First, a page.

This level of anxiety is counterproductive for those implementing a new program. As a manufacturer switching to a Configure, Price, Quote software (CPQ) system, anticipate this reaction and prepare for a successful launch of the system.
Here are the best practices you can use when rolling out CPQ software to your staff (and your customers):
Explain the Need for Change to CPQ
The first thing you need to do is explain the need for the change to your employees. Alleviate all their fears (or as many as possible). With CPQ software, there are many advantages in its implementation including the ease of use. Emphasizing these positive new aspects will help you get buy-in from your staff. Focus on the following areas:
Speed — The main benefit of CPQ software is it takes a process which could take days and reduces it to a few hours. Instead of having to confer with engineers about a customizable order, the specifications can be taken, and the quote generated in a fraction of the time.
Training — Training on the new software may take a little time, but keep in mind how much time will be saved once it is implemented. In the past, a sales associate had to work on the floor learning all of the ins-and-outs of production so they could know how to answer every possible question about customization. Now, they only need to be trained on the software. Most of the customization questions can be built in. Therefore, training time is significantly reduced.
Increased Sales — As the process of generating a quote becomes streamlined, the opportunity for more sales increases. First, quotes can move more quickly to the production line speeding up the process to allow for more orders to be taken. But this also means the sales staff will have more opportunities to upsell items when customers place an order.
Error Reduction — A huge advantage that Configure, Price, Quote software gives your staff is the reduction in errors when customizing products. The software can generate a 2D or even a 3D model of the product. Not only is this a great selling point, it allows the customer to review the model and make approval before starting production.
Competitiveness — Employees will appreciate the need to stay competitive in today’s climate. In one month in 2019, the U.S. lost over 2000 manufacturing jobs. In order to stay competitive, manufacturers have to do what they can to stand out from the crowd. One way to do this is with customization.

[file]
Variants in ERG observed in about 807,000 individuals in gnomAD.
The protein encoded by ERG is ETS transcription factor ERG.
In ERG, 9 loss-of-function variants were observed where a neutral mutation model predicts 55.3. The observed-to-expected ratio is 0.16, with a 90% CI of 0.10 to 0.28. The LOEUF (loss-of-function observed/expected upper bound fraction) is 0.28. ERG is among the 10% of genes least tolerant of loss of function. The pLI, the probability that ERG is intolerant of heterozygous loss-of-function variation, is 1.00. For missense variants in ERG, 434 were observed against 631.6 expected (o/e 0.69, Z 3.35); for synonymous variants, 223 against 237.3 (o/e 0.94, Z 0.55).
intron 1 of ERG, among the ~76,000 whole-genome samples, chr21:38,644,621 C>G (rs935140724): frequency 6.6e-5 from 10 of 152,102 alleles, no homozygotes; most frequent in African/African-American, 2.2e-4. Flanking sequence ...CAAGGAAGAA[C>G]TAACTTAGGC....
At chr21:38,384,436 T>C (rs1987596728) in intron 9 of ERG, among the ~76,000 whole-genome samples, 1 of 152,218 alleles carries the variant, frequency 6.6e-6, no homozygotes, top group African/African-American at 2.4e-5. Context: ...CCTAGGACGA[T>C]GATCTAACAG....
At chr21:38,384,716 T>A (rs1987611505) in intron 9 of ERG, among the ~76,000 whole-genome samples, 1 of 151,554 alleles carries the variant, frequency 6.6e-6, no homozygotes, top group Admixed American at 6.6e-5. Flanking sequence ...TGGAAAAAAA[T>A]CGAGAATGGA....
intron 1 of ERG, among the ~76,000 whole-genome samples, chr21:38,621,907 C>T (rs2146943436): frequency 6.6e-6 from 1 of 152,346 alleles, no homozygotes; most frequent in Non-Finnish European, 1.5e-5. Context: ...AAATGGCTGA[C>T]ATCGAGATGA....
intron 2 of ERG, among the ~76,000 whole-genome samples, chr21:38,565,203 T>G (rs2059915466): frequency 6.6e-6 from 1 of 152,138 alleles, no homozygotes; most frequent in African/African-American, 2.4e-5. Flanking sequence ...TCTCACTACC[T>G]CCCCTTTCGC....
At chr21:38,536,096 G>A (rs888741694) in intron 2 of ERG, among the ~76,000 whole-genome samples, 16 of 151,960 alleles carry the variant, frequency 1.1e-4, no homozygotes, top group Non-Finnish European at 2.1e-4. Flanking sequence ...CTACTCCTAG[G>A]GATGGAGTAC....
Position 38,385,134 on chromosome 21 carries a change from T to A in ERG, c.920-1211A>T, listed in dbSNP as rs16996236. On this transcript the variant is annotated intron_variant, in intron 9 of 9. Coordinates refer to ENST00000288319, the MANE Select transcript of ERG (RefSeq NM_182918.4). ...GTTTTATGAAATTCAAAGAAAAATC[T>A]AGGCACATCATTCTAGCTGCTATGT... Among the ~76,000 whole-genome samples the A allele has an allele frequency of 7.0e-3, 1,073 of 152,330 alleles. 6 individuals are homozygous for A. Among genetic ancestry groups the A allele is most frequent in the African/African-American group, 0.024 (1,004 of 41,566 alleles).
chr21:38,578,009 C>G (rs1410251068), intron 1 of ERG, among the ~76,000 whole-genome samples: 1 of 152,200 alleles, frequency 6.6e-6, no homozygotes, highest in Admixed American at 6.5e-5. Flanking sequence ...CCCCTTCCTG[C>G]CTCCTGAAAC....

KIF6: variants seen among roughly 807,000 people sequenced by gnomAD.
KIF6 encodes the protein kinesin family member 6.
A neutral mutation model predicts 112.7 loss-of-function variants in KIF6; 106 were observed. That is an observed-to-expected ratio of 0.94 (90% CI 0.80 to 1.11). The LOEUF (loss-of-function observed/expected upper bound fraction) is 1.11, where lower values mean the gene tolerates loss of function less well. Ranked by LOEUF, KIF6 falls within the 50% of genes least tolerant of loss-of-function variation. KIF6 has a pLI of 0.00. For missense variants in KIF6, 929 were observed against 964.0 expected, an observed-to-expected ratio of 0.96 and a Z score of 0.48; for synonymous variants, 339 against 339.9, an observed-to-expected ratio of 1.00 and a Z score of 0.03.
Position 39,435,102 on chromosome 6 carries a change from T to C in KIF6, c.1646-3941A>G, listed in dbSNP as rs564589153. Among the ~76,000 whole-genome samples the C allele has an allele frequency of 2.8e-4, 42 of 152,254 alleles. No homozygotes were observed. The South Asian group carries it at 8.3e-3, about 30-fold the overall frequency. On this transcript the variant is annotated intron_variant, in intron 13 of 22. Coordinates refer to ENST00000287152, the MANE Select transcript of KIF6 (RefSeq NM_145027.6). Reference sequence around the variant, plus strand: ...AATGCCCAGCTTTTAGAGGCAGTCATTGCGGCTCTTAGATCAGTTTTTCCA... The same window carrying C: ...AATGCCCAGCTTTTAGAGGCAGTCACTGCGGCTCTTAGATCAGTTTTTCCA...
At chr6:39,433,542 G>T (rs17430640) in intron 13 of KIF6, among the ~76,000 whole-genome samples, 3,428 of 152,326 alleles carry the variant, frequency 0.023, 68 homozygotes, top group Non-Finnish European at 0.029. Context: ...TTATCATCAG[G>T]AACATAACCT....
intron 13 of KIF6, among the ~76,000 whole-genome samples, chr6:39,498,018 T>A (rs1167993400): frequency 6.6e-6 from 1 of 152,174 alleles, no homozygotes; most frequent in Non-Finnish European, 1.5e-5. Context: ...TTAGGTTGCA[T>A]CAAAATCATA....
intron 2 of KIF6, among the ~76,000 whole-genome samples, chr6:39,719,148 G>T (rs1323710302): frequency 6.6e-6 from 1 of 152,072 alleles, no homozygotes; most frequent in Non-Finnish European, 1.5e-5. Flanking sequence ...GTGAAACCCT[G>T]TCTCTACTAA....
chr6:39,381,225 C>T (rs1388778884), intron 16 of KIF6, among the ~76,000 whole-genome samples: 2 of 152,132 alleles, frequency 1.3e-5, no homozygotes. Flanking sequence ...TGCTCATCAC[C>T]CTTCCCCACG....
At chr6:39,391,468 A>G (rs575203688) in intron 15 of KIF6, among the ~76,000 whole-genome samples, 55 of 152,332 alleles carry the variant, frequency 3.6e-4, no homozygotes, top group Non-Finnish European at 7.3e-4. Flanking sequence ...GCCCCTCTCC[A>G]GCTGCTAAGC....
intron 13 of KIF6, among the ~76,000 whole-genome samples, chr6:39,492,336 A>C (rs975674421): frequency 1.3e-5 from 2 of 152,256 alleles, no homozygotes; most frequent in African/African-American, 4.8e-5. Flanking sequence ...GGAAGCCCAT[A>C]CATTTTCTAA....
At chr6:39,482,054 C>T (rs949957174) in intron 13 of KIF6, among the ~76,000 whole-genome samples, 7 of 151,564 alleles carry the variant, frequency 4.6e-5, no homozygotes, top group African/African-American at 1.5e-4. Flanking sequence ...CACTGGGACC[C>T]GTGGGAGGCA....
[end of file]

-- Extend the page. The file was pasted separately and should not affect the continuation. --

The next best practice in the launch should be addressing the concerns of your staff and customers. This can be done in a few ways to ensure buy-in from these stakeholders:
Open Meetings — Have an open meeting with all departments to address their concerns. Listen to everyone’s opinions and keep a running list of potential problems with the changeover. These employees are the ones who will be working with this software every day. They can probably foresee more issues which may arise than even the software developers might. By handling these issues up front, you can make the transition much smoother.
Transition Team — Part of the buy-in process from your staff is including them in all the steps. This includes having representatives from every department on the transition team—sales staff, production engineers, and the production line employees should all have a voice along with management.
Customer Notification — Inform your customers of the new changes to your system. Whether they have ordered from you for years or are only a one-time customer, notifying them is still important. IT can generate excitement about your product and it also helps them understand your new process and how it will impact them. The idea of adding customization options also may entice former customers back to try the new system.
Right from the Start, Communicate What Benefits Lay Ahead with CPQ
The launch of a Configure, Price, Quote software system is a huge change. But it’s also one that will have many positive impacts for years to come. Getting support and buy-in from your staff and customers is a huge piece of the puzzle for a successful launch.